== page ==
The Metropolitan Opera on SONY series recently issued the famous February 4, 1961 TROVATORE broadcast with Leontyne Price and Franco Corelli which followed by a week their wildly acclaimed joint Met debut in the Verdi opera. The 1960-61 Met broadcast season was happening without my knowledge, otherwise I would certainly have been glued to my radio. But I did not discover the Met broadcasts until the following season when the fabled Sutherland 'debut' LUCIA was the first time I tuned in. From then until just a couple of years ago, I hardly ever missed a broadcast.
I heard Price and Corelli many times at The Met - Leontyne I actually heard at the Old Met as Fiordiligi in COSI FAN TUTTE (in English) and Franco sang in the first performance I saw at the New Met (as Calaf in TURANDOT). I loved them both in those golden years though I knew Franco could be sloppy at times and Leontyne, over the years, developed some annoying idiosyncrasies. I'd never heard the 1961 TROVATORE so I set aside time to concentrate on it; I must say, it is a very erratic performance.
Fausto Cleva, a favorite conductor of Renata Tebaldi, takes much of TROVATORE at a breathless clip. For the most part the singers manage to keep up though there's some scrambling here and there. Aside from Leontyne Price, who strives throughout for thoughtful musicality, the principal quartet of singers tend to sing TROVATORE in verismo style rather than treating it like a god-child of the bel canto era. I suppose there's a temptation to snarl and bluster in the opera's dramatic utterances and in a live performance there is no recourse other than to let the singers do what they will in declaiming the text. But it becomes a bit tiresome after a while.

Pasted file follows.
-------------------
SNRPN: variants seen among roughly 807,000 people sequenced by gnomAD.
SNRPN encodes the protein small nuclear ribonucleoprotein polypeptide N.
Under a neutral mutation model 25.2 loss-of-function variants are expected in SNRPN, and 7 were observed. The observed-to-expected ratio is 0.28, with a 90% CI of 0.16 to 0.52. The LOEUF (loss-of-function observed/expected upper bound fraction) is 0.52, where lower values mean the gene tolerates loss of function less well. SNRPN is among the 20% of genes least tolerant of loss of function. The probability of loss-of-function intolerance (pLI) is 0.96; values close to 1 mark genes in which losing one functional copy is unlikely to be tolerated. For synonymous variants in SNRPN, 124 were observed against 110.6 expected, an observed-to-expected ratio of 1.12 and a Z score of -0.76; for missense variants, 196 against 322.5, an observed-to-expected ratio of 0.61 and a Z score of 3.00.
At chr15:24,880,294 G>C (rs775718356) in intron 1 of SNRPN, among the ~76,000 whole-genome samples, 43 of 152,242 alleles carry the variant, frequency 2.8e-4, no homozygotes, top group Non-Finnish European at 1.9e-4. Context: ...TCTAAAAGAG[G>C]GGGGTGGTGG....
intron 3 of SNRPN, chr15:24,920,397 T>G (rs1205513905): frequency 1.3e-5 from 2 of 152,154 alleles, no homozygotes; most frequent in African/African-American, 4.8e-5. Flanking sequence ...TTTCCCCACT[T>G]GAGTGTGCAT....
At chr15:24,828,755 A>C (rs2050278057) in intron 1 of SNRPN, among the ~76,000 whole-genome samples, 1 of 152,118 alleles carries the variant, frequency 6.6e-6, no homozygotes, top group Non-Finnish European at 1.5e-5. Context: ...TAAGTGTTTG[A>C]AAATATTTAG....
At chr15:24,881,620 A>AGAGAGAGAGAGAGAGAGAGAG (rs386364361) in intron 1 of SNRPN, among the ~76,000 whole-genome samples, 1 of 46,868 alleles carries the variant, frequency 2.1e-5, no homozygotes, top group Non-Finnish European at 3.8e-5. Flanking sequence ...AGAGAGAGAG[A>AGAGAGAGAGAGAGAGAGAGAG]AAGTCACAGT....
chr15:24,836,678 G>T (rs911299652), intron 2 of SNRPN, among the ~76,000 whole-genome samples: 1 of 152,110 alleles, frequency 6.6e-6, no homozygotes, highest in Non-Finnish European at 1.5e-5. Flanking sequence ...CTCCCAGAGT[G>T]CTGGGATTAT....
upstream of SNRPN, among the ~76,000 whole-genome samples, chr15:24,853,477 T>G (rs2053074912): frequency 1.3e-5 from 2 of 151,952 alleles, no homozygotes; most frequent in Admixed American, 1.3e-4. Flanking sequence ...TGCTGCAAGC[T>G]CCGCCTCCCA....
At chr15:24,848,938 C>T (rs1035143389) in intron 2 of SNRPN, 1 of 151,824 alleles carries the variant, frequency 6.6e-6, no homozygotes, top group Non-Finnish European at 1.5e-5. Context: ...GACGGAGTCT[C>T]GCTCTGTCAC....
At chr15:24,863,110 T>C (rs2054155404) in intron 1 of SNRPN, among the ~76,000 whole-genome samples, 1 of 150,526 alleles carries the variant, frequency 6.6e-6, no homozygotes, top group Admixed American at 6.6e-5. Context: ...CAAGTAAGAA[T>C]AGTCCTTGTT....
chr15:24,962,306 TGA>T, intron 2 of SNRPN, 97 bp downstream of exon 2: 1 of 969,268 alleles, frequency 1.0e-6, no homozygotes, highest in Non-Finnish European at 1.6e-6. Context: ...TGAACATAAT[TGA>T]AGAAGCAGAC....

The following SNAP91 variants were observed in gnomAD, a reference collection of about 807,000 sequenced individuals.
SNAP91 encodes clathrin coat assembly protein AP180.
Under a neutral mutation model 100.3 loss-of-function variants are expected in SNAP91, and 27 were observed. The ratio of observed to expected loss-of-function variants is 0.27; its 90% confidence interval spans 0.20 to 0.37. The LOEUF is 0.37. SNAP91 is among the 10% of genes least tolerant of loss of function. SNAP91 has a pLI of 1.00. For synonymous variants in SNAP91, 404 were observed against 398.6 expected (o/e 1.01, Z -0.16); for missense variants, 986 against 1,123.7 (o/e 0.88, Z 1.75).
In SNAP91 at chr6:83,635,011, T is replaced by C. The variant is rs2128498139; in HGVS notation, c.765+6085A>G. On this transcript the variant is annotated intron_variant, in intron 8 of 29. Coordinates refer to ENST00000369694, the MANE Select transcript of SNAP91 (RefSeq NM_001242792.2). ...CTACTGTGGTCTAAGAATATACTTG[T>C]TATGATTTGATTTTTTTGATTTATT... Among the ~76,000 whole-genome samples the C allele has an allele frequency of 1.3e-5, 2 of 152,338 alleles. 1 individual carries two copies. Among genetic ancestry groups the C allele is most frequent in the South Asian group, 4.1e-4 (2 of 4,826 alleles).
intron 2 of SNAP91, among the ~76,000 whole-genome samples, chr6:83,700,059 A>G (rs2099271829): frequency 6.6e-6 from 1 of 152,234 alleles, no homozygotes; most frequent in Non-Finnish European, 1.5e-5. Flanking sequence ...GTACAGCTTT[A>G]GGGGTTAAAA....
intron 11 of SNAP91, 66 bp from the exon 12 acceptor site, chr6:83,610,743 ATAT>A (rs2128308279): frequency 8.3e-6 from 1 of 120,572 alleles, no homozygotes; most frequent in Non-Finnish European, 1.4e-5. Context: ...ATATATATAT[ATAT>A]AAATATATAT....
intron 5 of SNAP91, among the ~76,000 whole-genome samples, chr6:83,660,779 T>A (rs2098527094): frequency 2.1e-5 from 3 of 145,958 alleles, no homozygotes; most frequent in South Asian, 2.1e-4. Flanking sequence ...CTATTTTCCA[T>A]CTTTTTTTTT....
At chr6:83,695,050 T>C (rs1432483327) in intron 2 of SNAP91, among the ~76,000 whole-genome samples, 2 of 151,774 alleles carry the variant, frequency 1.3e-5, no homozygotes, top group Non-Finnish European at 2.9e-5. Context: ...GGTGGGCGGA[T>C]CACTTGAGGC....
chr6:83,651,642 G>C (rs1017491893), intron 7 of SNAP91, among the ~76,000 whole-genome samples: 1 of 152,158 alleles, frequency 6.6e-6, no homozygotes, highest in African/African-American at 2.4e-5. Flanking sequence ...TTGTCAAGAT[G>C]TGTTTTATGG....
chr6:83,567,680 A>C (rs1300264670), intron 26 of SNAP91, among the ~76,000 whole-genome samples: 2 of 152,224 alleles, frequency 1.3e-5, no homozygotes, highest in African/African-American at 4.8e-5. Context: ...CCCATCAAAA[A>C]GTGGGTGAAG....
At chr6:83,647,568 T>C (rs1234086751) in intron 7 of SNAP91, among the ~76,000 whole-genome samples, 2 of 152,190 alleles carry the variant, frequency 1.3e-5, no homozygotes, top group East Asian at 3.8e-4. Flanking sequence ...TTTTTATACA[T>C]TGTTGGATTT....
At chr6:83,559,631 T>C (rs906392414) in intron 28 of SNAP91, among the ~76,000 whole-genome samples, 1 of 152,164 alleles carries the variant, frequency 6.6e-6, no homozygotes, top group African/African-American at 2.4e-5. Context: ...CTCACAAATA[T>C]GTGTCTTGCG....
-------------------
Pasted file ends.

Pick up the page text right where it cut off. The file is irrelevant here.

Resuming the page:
Corelli is the most lachrymose Manrico I ever heard; he gives the same impression on his commercial recording of the role for EMI, though that is more artfully sung. Of course there is a lot of very powerful and exciting vocalism in his interpretation, but this is somewhat compromised by his melodramatic excesses. Upon receiving news that Leonora is to take the veil, Corelli has a little mad scene which wanders right off the musical map. But despite some slight variability of pitch at times, the utterly distinctive Corelli timbre and his sheer generosity of voice make him a Manrico on the grand scale. Interestingly, Corelli only sang this opera at the Met eleven times, retiring it from his repertory at the House in 1964. A new production in 1969 was reportedly planned for Corelli but in the event Placido Domingo was the Manrico.